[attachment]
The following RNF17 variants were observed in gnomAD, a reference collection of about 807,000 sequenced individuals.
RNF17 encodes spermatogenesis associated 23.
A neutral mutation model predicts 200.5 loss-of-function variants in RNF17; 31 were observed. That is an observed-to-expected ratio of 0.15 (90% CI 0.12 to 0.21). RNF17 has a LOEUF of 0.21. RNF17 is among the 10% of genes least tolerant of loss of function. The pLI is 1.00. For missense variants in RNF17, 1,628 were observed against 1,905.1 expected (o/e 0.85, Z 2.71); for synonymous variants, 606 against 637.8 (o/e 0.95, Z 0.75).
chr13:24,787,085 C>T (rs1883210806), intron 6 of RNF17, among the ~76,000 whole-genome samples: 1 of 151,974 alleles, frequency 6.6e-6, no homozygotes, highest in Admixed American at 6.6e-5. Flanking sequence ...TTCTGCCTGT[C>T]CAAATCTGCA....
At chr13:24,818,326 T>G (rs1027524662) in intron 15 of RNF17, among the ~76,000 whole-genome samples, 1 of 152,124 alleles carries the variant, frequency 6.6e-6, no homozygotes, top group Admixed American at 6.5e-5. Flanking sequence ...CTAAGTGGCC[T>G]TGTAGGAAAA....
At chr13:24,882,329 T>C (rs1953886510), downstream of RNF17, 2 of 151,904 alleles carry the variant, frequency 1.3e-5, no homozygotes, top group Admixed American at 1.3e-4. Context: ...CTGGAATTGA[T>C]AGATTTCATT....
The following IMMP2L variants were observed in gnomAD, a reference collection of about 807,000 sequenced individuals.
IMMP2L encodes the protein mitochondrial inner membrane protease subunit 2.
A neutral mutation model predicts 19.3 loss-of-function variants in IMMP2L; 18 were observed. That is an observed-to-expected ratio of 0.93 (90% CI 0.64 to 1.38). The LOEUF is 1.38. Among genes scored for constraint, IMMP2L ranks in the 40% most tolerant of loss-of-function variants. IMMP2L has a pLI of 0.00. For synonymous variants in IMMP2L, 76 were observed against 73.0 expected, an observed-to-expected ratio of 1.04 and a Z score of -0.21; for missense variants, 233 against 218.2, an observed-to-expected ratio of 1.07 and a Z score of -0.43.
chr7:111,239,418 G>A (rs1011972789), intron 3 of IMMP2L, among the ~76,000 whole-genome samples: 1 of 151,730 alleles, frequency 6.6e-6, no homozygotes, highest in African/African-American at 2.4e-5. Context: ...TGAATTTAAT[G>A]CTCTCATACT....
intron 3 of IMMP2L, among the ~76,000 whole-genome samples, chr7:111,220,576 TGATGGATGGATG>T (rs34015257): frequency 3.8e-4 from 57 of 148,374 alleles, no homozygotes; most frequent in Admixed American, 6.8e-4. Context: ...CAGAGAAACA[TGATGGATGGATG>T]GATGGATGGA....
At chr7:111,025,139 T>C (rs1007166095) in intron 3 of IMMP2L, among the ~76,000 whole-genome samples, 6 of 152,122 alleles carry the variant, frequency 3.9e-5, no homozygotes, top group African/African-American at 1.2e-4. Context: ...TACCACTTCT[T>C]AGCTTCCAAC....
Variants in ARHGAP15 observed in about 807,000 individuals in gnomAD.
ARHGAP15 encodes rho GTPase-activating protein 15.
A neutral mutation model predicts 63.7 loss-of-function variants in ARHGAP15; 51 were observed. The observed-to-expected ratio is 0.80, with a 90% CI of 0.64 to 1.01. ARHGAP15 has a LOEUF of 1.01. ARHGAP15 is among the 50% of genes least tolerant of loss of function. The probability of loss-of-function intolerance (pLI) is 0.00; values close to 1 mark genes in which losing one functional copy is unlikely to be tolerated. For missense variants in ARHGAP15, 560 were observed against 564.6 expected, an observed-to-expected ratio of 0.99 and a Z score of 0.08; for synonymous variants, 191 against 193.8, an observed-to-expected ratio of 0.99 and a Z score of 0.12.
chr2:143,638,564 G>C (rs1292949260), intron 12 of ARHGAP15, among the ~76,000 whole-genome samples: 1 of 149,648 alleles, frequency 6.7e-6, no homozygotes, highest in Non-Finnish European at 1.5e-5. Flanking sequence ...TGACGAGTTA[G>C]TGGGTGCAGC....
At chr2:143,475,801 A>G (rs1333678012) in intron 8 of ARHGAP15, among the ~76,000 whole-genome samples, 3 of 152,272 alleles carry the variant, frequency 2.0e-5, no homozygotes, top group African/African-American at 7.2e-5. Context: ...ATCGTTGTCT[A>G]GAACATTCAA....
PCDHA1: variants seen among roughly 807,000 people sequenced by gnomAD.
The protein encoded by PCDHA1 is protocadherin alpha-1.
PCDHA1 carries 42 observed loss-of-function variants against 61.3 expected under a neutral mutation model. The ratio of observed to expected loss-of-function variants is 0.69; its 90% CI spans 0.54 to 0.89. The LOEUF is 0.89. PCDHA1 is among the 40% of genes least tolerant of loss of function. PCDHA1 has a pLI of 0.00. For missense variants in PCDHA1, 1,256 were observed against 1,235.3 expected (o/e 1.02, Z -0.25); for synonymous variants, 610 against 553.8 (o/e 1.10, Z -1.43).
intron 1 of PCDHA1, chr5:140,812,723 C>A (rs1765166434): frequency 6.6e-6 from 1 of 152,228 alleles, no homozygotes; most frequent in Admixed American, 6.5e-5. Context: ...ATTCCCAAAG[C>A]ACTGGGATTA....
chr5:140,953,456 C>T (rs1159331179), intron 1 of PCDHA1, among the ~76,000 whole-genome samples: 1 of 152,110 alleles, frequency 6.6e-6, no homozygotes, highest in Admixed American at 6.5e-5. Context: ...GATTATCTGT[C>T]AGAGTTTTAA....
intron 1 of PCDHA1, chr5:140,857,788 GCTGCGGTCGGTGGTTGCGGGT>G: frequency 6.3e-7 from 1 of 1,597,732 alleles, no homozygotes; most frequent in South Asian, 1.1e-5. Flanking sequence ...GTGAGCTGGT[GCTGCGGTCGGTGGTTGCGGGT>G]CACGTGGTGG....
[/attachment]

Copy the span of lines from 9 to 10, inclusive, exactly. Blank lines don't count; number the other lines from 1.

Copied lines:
A neutral mutation model predicts 19.3 loss-of-function variants in IMMP2L; 18 were observed. That is an observed-to-expected ratio of 0.93 (90% CI 0.64 to 1.38). The LOEUF is 1.38. Among genes scored for constraint, IMMP2L ranks in the 40% most tolerant of loss-of-function variants. IMMP2L has a pLI of 0.00. For synonymous variants in IMMP2L, 76 were observed against 73.0 expected, an observed-to-expected ratio of 1.04 and a Z score of -0.21; for missense variants, 233 against 218.2, an observed-to-expected ratio of 1.07 and a Z score of -0.43.
chr7:111,239,418 G>A (rs1011972789), intron 3 of IMMP2L, among the ~76,000 whole-genome samples: 1 of 151,730 alleles, frequency 6.6e-6, no homozygotes, highest in African/African-American at 2.4e-5. Context: ...TGAATTTAAT[G>A]CTCTCATACT....